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Intestinal Obstruction

What is Intestinal Obstruction?

Intestinal obstruction is blockage of the inside of the intestines by an actual mechanical obstruction. Some causes include adhesions (scar tissue), foreign bodies, intussusception, ischemia (decreased blood supply), hernias, volvulus (twisting) or tumors. As blockage occurs gas and air distend the bowel proximal (closest) to the blockage. As the process continues, gastric (stomach), bilious (bile from the liver used in digestion) and pancreatic secretions (secretions from the pancreas used for digestion) begin to form a pool. Water, electrolytes and proteins accumulate in the area. This pooling and bowel distention decrease the circulating blood volume and the blood supply to the bowel tissue. Strangulation of a bowel segment may cause necrosis (death of the tissue), perforation (a hole), and loss of fluid and blood. Since intestinal contents can't go downstream from the stomach, nausea and vomiting occur in most patients.

What is Ileus?

Ileus is a functional rather than mechanical obstruction of the bowel. It is a lack of propulsive peristalsis (wave-like movement) of the bowel. It stops the movement of bowel contents downward. There is abdominal distention and an absence of bowel sounds. Ileus may be the result of anesthesia, interruption of nerve supply to the bowel, intestinal ischemia (obstruction of circulation), abdominal wound infections, electrolyte imbalance (loss of potassium leads to lack of intestinal peristalsis) or metabolic diseases. The result of ileus is the distention of the bowel with gas and fluid. The process is similar to obstruction. Your nurse or pediatric surgeon will be happy to answer any of your questions.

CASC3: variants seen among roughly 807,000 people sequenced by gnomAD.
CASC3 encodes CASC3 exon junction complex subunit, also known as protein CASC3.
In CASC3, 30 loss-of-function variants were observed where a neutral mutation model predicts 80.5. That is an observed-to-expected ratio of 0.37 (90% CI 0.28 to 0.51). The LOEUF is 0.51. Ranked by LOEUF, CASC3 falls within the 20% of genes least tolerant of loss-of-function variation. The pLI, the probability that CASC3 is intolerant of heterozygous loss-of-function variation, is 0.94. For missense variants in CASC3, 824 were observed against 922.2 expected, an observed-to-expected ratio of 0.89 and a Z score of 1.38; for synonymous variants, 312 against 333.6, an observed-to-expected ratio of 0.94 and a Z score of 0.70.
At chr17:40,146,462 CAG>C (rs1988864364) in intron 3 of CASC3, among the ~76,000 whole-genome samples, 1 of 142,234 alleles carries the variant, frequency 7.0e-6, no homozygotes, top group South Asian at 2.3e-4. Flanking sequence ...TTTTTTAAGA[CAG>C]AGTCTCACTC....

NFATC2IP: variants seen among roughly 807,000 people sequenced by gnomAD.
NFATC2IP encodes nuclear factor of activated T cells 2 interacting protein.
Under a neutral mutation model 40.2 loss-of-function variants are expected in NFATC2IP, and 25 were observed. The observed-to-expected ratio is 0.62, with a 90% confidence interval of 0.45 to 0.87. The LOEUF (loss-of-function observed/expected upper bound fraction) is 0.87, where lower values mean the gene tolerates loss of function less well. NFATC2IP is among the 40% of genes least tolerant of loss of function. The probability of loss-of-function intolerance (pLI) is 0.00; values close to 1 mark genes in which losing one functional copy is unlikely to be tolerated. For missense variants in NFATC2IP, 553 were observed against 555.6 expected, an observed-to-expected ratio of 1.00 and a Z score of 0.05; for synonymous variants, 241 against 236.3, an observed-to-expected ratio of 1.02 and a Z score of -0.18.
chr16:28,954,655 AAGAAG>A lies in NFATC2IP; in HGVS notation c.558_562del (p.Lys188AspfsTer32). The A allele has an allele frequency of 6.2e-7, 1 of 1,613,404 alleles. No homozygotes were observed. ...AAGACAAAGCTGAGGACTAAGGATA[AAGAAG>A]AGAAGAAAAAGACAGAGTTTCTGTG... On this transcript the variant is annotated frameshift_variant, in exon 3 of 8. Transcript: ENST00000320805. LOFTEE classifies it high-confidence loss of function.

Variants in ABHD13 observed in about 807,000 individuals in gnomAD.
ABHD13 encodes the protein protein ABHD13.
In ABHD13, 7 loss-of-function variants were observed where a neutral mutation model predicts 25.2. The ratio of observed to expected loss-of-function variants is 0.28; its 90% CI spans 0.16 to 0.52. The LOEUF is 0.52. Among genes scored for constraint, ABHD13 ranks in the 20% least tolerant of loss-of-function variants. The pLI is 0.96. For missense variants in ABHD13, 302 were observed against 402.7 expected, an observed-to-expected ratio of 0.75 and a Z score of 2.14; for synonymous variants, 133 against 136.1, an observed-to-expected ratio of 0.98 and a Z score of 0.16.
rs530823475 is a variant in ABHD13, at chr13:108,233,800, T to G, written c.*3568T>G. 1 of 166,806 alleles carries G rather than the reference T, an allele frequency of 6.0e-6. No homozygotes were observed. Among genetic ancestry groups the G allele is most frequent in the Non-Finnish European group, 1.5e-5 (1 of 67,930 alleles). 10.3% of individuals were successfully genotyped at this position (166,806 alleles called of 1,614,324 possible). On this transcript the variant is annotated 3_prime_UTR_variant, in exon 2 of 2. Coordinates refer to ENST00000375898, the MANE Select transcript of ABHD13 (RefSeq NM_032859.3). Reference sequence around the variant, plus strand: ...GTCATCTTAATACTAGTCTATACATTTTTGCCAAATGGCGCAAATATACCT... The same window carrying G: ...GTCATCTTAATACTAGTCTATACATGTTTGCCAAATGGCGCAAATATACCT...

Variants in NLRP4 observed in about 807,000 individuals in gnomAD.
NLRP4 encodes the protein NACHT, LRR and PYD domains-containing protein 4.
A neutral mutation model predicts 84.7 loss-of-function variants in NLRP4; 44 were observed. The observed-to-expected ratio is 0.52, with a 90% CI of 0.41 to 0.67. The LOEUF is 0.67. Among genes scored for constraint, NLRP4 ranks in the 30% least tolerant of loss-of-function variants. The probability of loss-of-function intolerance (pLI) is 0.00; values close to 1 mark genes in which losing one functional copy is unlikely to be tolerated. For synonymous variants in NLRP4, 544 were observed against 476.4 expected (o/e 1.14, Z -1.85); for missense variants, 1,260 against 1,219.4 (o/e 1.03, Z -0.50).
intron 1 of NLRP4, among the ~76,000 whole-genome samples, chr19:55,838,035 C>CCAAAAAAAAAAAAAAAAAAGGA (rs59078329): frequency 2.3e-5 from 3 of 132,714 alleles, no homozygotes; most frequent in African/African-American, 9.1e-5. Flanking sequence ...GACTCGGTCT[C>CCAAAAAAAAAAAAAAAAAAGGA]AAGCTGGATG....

Contact Us

University of Texas Health Science Center Professional Building
Department of Pediatric Surgery

6410 Fannin Street, Suite 950
Houston, Texas 77030

Phone: (832) 325-7234

Office Hours: 8 a.m. to 5 p.m. (Monday-Friday except major holidays)

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This information, although based on a thorough knowledge and careful review of current medical literature, is the opinion of doctors at The University of Texas Medical School and is presented to inform you about surgical conditions. It is not meant to contradict any information you may receive from your personal physician and should not be used to make decisions about surgical treatment. If you have any questions about the information above or your child's care, please contact our doctors.